La La Land & The Way I’m Consuming Entertainment
There is really something about going to the cinema on your own.
There is no quarrel with what you’re going to see, nor what food you’re going to eat. You can choose exactly where you’re going to sit, and you are most definitely going to be on time. Everything works in your favor when going to see a film alone, with the only problem being that you can’t actually discuss the film with anyone afterwards. You’re left there, with your thoughts, until you go home and find someone to talk about it with, and this is probably someone who hasn’t seen the film anyway.
Seeing La La Land was my first experience seeing a film alone, and it wasn’t until half way through that I realised something was wrong.
I suffer from depression, and one of the main symptoms is lack of focus/interest. Sometimes I do struggle to watch a whole film or I take a long time to read a whole book, but in this scenario I was entirely focused; I had no other stimuli to distract me from what was on screen, and I nearly teared up right there in the cinema because I thought my mental health was destroying this lovely experience I was supposed to be having.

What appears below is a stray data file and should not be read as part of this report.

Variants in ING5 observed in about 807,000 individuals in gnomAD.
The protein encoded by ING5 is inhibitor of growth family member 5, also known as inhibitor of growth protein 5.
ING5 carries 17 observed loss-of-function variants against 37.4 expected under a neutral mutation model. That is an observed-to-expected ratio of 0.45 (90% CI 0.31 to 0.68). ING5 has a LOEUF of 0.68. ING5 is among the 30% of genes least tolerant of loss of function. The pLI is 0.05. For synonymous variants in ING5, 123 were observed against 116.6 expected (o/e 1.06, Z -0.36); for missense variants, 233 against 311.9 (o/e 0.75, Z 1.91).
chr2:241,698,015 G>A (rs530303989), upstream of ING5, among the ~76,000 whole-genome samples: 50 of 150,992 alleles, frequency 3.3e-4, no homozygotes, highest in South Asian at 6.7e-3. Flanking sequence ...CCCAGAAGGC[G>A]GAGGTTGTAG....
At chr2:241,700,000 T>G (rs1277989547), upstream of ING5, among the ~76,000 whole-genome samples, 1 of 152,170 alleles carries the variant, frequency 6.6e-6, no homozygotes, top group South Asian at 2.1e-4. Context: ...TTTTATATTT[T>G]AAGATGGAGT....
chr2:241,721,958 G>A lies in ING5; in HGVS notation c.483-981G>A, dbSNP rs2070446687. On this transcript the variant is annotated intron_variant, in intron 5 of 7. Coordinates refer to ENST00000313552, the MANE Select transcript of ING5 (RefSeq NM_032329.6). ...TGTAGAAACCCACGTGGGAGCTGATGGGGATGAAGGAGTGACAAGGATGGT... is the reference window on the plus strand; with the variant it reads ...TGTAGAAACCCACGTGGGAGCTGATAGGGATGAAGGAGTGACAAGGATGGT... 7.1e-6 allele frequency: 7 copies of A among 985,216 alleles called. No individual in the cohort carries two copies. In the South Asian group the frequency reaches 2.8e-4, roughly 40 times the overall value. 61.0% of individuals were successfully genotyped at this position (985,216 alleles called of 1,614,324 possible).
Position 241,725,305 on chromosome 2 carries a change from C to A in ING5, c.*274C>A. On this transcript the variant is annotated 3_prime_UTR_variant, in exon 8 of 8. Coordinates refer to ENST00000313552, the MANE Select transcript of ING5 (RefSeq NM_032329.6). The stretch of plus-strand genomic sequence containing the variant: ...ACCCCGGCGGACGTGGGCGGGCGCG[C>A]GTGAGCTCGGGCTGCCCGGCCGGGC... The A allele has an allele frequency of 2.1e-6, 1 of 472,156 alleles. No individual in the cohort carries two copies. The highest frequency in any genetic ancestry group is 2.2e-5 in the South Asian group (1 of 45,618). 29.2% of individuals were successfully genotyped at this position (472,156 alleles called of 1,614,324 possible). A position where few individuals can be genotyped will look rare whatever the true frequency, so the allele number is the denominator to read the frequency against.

But, this is ridiculous! I’ve been to the cinema before, watched a film before, and been disappointed with the film. It wasn’t my lack of interest to blame, it was the film in those instances. So why was it different now?
I realised I knew exactly what it was, and I was a mixture of both grateful and sad.